Useful Collections from STEM Education and Spatial Learning Research
Compendium of Research Instruments for STEM EducationReferences: Part 1: Teacher Practices, PCK, and Content Knowledge and PART II: Measuring Students' Content Knowledge, Reasoning Skills, and Psychological Attributes
The compendium provides an overview on the status of STEM instrumentation commonly used in the U.S and to provide resources for research and evaluation professionals. It was developed through review of the e NSF Discovery Research K-12 (DR K-12) program. Part 1 of a two-part series, the goal to provide insight into the measurement tools available to generate efficacy and effectiveness evidence, as well as understand processes relevant to teaching and learning. It is focused on instruments designed to assess teacher practices, pedagogical content knowledge, and content knowledge. Part 2 of a two-part series, the goal to provide an overview of the measurement tools available for studying student outcomes within the DR-K12 portfolio.
Spatial Intelligence and Learning Center (SILC)
A large number of instruments have been developed to measure domain-general spatial skills. I have used the following in various research projects: form board (ETS), paper folding (ETS), Vandenberg mental rotation, Santa Barbara sense of direction, perspective taking (Hegarty et al.), and hidden figures (ETS). There are many others (including some specific to geosciences). All are quantitative. All are widely used; I've used them with novice-expert populations of non-geologists, intro students, advanced students, and geology experts (mainly field geologists and structural geologists). What I like: highly valid and reliable, everybody uses them, easy to administer (most are group setting, pencil & paper, timed), easy to score, easy to interpret results. What I don't like: difficult to adapt to online survey research, there are so many tests it is hard to know which one(s) to use in a particular study, unclear whether these test may or may not tell us anything about domain-specific spatial skills, unclear how many of these tests map on to specific spatial tasks in the geosciences.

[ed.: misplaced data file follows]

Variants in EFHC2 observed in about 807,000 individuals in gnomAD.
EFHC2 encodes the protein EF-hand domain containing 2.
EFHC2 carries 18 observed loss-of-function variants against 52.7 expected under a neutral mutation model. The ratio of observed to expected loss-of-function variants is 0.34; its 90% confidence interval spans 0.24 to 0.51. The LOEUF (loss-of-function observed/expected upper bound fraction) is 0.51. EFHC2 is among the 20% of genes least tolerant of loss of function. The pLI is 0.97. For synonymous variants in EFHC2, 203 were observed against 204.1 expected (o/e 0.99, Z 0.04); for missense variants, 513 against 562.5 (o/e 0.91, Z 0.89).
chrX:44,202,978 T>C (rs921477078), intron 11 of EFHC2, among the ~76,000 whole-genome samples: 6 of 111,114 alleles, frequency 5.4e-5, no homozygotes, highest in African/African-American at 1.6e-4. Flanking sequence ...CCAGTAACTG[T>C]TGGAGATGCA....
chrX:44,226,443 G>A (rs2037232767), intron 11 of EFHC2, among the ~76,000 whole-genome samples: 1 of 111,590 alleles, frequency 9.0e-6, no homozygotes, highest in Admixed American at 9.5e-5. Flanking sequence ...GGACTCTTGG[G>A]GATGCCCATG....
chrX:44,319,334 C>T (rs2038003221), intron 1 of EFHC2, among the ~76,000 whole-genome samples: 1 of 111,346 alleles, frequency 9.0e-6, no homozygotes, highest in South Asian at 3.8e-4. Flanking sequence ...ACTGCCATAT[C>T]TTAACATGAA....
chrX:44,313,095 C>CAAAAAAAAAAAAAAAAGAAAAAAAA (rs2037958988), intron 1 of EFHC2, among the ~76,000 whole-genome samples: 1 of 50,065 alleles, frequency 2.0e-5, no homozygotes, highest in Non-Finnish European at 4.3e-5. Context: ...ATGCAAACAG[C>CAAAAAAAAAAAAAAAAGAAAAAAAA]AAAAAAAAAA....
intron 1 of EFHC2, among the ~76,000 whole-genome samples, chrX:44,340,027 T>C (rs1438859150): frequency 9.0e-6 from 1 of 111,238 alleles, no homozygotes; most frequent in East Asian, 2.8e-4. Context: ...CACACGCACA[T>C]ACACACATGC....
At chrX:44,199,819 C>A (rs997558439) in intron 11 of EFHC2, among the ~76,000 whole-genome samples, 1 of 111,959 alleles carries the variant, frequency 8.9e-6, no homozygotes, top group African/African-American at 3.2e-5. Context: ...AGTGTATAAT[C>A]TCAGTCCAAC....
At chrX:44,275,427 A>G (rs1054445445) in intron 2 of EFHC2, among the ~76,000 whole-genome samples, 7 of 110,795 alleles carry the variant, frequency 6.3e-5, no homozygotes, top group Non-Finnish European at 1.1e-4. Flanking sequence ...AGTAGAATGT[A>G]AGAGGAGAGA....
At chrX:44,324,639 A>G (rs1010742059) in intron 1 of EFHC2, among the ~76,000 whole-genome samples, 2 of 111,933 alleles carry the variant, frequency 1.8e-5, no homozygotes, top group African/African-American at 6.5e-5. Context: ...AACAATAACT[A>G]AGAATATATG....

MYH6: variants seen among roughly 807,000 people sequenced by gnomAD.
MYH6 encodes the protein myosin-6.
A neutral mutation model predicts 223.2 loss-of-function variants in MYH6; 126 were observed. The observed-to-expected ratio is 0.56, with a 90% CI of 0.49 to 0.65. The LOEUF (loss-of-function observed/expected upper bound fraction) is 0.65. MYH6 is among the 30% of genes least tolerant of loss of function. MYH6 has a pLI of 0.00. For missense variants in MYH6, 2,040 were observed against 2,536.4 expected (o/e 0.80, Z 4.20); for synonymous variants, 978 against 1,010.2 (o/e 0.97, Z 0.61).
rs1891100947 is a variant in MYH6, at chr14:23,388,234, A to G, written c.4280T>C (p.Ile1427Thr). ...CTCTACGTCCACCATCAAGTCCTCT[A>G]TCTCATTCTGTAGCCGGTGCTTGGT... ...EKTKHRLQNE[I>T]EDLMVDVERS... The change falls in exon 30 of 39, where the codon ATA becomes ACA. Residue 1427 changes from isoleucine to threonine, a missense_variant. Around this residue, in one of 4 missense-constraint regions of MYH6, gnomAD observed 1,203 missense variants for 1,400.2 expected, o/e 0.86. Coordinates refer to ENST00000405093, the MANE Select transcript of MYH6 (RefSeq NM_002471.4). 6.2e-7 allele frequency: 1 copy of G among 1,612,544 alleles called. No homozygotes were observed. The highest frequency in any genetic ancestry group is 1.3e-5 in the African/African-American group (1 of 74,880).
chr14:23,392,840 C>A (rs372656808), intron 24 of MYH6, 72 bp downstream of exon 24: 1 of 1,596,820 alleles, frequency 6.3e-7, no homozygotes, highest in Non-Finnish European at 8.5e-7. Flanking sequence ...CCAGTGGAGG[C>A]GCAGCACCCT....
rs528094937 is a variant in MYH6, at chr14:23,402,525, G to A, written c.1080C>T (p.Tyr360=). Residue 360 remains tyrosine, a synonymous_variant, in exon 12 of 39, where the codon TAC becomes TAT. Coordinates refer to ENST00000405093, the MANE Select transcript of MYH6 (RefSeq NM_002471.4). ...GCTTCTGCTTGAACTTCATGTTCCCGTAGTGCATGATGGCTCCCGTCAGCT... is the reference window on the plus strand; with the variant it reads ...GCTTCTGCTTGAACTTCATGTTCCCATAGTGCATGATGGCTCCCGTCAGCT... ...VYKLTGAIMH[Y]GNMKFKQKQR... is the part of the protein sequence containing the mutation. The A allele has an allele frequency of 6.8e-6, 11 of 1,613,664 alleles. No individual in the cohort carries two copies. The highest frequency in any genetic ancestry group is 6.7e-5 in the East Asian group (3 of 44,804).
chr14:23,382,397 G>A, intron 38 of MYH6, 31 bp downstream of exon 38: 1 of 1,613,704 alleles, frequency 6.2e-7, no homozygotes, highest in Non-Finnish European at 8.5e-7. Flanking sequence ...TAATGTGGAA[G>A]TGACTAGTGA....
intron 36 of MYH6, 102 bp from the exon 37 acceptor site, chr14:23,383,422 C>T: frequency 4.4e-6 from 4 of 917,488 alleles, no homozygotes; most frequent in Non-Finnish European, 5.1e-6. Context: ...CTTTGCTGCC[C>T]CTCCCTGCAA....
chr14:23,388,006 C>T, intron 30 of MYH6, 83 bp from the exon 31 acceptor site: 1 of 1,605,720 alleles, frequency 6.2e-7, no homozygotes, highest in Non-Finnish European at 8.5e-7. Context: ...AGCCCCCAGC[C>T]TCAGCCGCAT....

Physics Education Research (PER) Assessments
This contains a collection of >80 assessments for PER, some of which are likely adaptable for GER.